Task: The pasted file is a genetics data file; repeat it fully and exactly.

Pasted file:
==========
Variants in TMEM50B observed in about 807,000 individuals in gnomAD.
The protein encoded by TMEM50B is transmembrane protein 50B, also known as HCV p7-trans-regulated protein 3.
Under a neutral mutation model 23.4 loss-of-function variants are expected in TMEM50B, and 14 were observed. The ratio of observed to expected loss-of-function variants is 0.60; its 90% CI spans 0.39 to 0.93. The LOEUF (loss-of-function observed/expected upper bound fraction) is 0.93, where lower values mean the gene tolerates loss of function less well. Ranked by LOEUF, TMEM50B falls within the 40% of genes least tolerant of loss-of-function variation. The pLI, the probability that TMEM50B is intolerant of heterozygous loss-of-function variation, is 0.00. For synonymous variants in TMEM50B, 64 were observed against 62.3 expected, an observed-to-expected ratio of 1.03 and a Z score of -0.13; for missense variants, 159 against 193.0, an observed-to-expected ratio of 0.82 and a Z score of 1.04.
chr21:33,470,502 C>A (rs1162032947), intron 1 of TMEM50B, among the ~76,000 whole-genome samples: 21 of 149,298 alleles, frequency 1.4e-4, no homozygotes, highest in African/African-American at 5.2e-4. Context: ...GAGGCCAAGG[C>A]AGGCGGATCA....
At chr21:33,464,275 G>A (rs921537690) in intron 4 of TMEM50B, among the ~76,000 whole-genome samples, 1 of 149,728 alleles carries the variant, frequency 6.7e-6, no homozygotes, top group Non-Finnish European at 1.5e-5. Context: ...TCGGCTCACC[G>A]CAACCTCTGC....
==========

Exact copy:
Variants in TMEM50B observed in about 807,000 individuals in gnomAD.
The protein encoded by TMEM50B is transmembrane protein 50B, also known as HCV p7-trans-regulated protein 3.
Under a neutral mutation model 23.4 loss-of-function variants are expected in TMEM50B, and 14 were observed. The ratio of observed to expected loss-of-function variants is 0.60; its 90% CI spans 0.39 to 0.93. The LOEUF (loss-of-function observed/expected upper bound fraction) is 0.93, where lower values mean the gene tolerates loss of function less well. Ranked by LOEUF, TMEM50B falls within the 40% of genes least tolerant of loss-of-function variation. The pLI, the probability that TMEM50B is intolerant of heterozygous loss-of-function variation, is 0.00. For synonymous variants in TMEM50B, 64 were observed against 62.3 expected, an observed-to-expected ratio of 1.03 and a Z score of -0.13; for missense variants, 159 against 193.0, an observed-to-expected ratio of 0.82 and a Z score of 1.04.
chr21:33,470,502 C>A (rs1162032947), intron 1 of TMEM50B, among the ~76,000 whole-genome samples: 21 of 149,298 alleles, frequency 1.4e-4, no homozygotes, highest in African/African-American at 5.2e-4. Context: ...GAGGCCAAGG[C>A]AGGCGGATCA....
At chr21:33,464,275 G>A (rs921537690) in intron 4 of TMEM50B, among the ~76,000 whole-genome samples, 1 of 149,728 alleles carries the variant, frequency 6.7e-6, no homozygotes, top group Non-Finnish European at 1.5e-5. Context: ...TCGGCTCACC[G>A]CAACCTCTGC....